By Zack Quaintance — Martian Manhunter is a character that the writers of superhero comics (especially in recent years) seem conflicted about how best to portray. Is he a former member of the Justice League? A current member? Some kind of willing governmental operative? These are ideas that in recent years have been put into play. What remains unchanging, however, is that The Manhunter is one of the most powerful heroes in the DC Universe, of a tier with Wonder Woman and Superman, and, furthermore, ol’ J’onn J’onzz has a compelling backstory in many ways more motivating, tragic, and formative than even Superman’s (although, suffering is relative and so is one’s response). MM is also forever in control of the same powers. Among other things, he is strong, telepathic, regenerative, and capable of shape-shifting, which is perhaps fitting given how pliant his role in the DC Universe has become.
To me this all makes for a unique character, loaded in equal parts with gravitas and narrative potential. His long list of capabilities and specifications is perhaps part of the reason writers spent the New 52 trying him in various roles, looking for a fit. One thing that’s immediately clear in Steve Orlando and Riley Rossmo’s Martian Manhunter #1 (first of a 12-part maxiseries) is this book will alleviate confusion over J’onn’s current backstory, motivations, and problems, showing us his daily life before and after coming to Earth...while also being unafraid to twist what we think we know about the character. It’s that fearlessness I find most compelling.
It’s just such a welcome dual re-invention and elucidation for a great character, and it’s one being told by an eager and capable team. The results here are strong. This first issue certainly doesn’t lack ambition. Rossmo’s art is almost revelatory, as pliant and amorphous as the shapeshifting character himself. It really made me think of MM differently, giving me a better understanding of how it must feel to maintain a constant and unnatural bi-pedal shape, which to my mind serves as a metaphor for J’onn’s entire life on Earth. Rossmo’s linework here is also quite versatile, depicting hardboiled detective scenes as well as blobby martian love-making sessions. It’s nice to see, a break with DC house style used to reflect qualities of the central character and story, much as Mitch Gerads’ recent career work did for Mister Miracle. Indeed, this issue leaves one with the sense that Rossmo and Rossmo alone was meant to draw this story, lest it suffer reductions in power and scope.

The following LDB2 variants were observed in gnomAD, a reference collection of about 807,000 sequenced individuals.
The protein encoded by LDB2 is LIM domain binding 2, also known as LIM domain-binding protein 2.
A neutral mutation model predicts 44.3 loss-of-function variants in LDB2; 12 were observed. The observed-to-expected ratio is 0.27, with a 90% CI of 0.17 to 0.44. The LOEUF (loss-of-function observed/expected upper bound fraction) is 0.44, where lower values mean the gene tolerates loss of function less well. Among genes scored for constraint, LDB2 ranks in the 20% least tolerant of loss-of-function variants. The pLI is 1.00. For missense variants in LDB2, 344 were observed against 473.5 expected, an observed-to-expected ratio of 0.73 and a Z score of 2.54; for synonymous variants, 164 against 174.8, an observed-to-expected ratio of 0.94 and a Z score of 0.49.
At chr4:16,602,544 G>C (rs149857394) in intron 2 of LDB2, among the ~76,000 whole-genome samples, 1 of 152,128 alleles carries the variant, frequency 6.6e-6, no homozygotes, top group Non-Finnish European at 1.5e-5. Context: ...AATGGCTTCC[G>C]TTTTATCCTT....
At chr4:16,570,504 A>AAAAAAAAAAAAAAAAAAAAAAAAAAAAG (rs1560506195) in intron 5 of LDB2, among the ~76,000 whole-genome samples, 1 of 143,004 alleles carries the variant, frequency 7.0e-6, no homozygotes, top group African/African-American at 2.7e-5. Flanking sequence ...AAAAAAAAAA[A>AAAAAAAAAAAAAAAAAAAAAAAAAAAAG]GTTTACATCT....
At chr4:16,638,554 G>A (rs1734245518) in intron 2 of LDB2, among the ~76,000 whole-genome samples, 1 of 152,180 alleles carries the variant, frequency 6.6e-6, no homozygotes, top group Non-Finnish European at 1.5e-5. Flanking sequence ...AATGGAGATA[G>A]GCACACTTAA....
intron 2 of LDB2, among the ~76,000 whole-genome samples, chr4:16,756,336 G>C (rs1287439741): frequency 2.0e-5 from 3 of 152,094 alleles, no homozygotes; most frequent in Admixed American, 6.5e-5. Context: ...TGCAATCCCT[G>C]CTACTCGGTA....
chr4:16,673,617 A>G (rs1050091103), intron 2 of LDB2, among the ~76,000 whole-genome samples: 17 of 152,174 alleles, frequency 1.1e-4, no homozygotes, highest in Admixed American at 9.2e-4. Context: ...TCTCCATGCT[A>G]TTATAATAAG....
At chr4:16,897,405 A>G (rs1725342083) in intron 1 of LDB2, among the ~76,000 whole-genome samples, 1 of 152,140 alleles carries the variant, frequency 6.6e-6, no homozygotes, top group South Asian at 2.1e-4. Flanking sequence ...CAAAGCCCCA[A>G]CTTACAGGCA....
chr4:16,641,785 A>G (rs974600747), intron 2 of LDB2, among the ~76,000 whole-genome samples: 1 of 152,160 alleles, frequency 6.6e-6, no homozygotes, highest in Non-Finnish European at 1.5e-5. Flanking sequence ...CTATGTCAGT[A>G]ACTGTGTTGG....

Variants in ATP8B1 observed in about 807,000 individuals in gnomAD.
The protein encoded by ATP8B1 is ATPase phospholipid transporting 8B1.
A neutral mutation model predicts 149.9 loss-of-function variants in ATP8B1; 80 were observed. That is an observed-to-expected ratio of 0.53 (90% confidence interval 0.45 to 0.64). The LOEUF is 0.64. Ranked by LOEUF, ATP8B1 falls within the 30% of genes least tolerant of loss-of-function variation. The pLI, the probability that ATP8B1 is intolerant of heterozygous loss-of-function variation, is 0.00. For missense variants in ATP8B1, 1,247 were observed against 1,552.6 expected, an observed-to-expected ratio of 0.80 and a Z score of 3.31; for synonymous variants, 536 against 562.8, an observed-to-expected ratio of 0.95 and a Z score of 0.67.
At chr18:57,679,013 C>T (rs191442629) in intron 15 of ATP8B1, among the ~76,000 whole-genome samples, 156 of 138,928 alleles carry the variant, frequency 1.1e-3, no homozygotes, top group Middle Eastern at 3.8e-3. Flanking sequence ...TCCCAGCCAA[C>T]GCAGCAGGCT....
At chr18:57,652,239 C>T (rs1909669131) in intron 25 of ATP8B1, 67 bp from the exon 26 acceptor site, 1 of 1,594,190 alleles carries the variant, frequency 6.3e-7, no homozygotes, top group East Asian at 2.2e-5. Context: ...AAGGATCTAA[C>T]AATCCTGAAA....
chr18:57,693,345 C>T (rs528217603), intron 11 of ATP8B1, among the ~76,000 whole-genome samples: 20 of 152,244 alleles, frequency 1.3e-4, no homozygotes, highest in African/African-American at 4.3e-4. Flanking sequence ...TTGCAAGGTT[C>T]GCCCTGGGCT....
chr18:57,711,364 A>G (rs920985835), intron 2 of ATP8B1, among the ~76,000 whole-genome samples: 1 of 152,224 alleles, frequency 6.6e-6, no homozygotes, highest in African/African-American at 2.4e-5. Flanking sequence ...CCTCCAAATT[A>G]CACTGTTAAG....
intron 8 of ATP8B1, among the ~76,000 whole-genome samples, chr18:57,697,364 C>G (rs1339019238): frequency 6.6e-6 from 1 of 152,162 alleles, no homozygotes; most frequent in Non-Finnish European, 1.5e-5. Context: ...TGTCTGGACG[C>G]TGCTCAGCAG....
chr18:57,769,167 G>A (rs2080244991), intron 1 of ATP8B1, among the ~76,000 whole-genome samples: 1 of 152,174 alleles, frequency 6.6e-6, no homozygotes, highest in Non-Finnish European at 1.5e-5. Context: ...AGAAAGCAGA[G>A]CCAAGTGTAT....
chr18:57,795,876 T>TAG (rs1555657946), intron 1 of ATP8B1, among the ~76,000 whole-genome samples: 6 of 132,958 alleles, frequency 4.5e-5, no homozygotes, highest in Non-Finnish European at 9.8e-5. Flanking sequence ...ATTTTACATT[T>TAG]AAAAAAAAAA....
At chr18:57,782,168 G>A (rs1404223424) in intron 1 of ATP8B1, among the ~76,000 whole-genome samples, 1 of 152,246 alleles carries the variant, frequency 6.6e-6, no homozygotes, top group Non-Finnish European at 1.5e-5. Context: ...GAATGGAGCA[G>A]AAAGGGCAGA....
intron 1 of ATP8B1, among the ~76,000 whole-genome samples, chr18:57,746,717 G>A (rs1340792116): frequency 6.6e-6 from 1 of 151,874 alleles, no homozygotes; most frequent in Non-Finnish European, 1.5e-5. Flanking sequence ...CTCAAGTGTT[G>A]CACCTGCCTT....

Orlando meanwhile has been at the top of his game in recent weeks. His Electric Warriors #1 was one of the top new #1 comics of November. Martian Manhunter #1 is similar, in that it is very much of the DC Universe, just executed in a way that has perhaps not been done within any of the publishers recent titles. The script and plotting for this issue checks all the narrative boxes—we know who our hero is, what our hero wants, and why he has been called to action—while also plunging us into a compelling mystery. I won’t go into too much detail, but the story also enables Orlando to write scenes that play to his regular thematic strengths: swaggering antiheroism, hidden truths, and secrets that put one’s family in jeopardy. I highly recommend this comic for all fans of the Manhunter, plus also DCU readers looking for a powerful story unafraid to delve into spaces that are hauntingly off beat.
Overall: Orlando and Rossmo are the creative team Martian Manhunter has long deserved, and the debut issue of this 12-part maxiseries is a great one. Simply put, this is a book bent on telling readers who J’onn J’onzz is right now and why, and it’s going to take us through one hell of a mystery to get there. 9.5/10
Martian Manhunter #1
Writer: Steve Orlando
Artist: Riley Rossmo
Colorist: Ivan Plascencia
Letterer: Deron Bennett
Publisher: DC Comics
For more comic book reviews, check out our review archives.
Zack Quaintance is a tech reporter by day and freelance writer by night/weekend. He Tweets compulsively about storytelling and comics as BatmansBookcase.